Mark Walker, CIO of the UK’s £21 billion ($27 billion) Coal Pension Trustees (CPT), is building a strategy markedly different from what most UK defined-benefit funds do. While most funds of this type focus on de-risking and matching liabilities, Walker is securing cash flow and prioritising income-generating assets.

Walker says these strategies, coupled with CPT’s still large allocations to risk and illiquidity, reflect its unique structure.

The pension fund hasn’t had any active members for the last 25 years; it paid out about £1.4 billion ($1.8 billion) in pensions last year and needs to generate a return of 2-3 per cent above RPI a year to continue to do so for the two pension pots it manages: British Coal Staff Superannuation Scheme and the Mineworkers Pension Scheme.

“If you can find me an amortising, 50-year, inflation-linked contractual income bond that currently yields 7 per cent, I can go home and sleep well at night,” says Walker, who joined the fund a year ago from Univest, Unilever’s internal pension investment organisation, swapping the consumer business’s global culture for a more traditional pension fund environment with just 35 colleagues.

 

Free thinking

New approaches in CPT’s equity allocation include investing more in China, in a more granular approach, fine-tuning a new bond portfolio to provide liquidity when needed, and dropping the market capitalisation benchmark.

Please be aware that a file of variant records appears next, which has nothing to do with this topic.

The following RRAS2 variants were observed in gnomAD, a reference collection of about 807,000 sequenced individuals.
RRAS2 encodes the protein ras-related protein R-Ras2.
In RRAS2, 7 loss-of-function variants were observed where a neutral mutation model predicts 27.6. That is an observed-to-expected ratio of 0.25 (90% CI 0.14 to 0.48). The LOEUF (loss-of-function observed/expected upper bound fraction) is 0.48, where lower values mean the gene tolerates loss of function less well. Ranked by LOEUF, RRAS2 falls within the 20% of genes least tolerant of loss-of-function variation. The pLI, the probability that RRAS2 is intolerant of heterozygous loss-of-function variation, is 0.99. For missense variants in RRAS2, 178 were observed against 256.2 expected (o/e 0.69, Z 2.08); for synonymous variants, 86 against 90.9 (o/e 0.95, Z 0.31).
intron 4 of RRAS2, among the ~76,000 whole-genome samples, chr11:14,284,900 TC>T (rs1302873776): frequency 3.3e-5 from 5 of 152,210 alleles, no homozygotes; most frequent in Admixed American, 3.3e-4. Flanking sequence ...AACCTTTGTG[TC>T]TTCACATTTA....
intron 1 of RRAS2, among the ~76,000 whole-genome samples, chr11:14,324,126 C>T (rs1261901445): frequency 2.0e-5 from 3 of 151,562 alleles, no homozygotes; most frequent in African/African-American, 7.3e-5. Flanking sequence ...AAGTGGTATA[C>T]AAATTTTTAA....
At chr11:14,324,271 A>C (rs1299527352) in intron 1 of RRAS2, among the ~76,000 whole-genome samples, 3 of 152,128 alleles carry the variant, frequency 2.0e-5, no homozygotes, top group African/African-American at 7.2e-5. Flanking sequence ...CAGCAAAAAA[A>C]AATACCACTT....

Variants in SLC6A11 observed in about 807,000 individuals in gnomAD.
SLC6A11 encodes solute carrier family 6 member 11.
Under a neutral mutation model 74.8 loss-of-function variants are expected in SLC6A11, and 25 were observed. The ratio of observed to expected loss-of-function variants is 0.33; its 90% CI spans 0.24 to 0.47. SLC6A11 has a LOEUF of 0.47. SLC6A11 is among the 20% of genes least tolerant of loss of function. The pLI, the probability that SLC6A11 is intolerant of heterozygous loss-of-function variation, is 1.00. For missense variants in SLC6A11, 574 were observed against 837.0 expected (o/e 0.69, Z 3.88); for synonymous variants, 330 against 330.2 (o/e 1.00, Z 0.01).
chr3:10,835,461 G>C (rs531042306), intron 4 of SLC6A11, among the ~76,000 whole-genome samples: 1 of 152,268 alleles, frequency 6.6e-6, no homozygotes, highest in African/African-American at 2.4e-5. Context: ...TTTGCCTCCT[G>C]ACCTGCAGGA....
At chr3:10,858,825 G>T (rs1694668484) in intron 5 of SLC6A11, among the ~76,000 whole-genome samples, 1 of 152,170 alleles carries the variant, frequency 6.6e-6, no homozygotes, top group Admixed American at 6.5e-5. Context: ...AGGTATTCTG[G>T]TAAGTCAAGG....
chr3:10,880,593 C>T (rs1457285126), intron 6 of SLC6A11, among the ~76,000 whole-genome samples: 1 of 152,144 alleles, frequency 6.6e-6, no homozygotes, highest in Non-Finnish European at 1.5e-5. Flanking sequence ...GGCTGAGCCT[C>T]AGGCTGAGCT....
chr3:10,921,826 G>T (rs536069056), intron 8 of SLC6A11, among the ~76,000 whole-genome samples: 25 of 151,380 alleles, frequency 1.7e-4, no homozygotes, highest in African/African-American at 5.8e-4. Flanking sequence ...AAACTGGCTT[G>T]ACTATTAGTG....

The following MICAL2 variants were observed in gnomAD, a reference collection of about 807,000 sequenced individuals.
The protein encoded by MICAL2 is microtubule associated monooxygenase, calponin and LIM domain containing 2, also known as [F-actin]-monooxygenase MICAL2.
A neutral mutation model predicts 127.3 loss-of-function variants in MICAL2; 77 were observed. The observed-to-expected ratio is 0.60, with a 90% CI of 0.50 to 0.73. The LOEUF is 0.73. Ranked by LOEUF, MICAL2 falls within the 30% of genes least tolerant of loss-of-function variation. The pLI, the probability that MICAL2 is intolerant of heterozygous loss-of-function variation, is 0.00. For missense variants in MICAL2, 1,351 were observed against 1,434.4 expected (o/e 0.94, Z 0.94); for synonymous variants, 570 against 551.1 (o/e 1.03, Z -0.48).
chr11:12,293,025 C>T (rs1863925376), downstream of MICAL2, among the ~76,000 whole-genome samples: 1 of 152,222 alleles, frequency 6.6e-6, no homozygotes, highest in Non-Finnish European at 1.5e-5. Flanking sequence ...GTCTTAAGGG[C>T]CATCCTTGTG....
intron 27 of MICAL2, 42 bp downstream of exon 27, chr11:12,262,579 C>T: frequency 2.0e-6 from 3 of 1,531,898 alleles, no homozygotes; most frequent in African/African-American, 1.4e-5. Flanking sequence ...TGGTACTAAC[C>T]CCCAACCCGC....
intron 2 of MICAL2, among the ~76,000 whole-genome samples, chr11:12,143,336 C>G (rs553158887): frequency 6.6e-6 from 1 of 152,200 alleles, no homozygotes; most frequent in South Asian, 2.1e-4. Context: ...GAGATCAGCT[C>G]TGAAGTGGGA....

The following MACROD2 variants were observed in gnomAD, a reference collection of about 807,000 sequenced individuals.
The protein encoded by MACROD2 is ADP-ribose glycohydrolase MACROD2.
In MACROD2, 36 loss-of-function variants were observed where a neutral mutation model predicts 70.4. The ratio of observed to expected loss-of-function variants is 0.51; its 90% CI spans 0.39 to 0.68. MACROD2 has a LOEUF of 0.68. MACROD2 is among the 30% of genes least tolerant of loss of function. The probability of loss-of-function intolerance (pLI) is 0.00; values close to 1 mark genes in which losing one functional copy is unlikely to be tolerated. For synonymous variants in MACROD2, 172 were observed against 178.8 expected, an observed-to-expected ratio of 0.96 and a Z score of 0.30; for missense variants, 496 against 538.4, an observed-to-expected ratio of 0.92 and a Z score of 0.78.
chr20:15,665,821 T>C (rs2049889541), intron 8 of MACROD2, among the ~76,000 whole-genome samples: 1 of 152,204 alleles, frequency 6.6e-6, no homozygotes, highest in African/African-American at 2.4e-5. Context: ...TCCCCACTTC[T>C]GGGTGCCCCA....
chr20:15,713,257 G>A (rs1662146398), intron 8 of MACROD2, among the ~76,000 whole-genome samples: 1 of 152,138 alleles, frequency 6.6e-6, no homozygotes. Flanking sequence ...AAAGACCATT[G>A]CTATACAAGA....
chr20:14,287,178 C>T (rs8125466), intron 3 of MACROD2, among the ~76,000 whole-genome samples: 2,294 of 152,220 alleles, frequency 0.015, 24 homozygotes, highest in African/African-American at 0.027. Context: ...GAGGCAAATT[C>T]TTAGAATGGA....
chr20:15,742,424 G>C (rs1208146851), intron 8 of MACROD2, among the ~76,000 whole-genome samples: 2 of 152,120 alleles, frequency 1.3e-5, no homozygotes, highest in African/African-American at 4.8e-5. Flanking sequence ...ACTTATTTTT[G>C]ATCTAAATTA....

He hopes the latter will help CPT focus more on where it can make money in the future, rather than what made money in the past, and facilitate swifter and more flexible decision-making.

Most importantly, he wants to free-up thinking within the investment team, replacing decisions based on whether portfolios are over or under weight with decisions based on whether an investment meets the fund’s strategic objectives.

“I hope this will introduce a different way of thinking and enable us to focus on future change and positions aligned to the objectives,” he says.The challenge is ensuring that trustees can still measure whether the investment team is doing a good job.

For the China strategy, CPT’s two funds are reviewing external investment managers for a possible onshore listed equity allocation in China, where Walker says many companies are not as represented in the global market cap indices as their value suggests they should be.

CTP already has a “decent” part of its private equity allocation in China, he says, where the pension fund invests with about five general partners, with the help of adviser JP Morgan, but listed exposure has been in the offshore market to date.

Walker seeks managers with strategies that are diverse, who are familiar with institutional money and equipped with a deep understanding of the retail and momentum-driven Chinese market and local regulation.

“We want to invest in quality companies with good and sustainable cash flows, taking account of ESG considerations,” he says.

Equity accounts for roughly 45 per cent of assets under management in both CPT schemes, of which about 35 per cent is listed public equity. The fund has gradually reduced its equity allocation in the last five years, to fund illiquid allocations and benefit payments.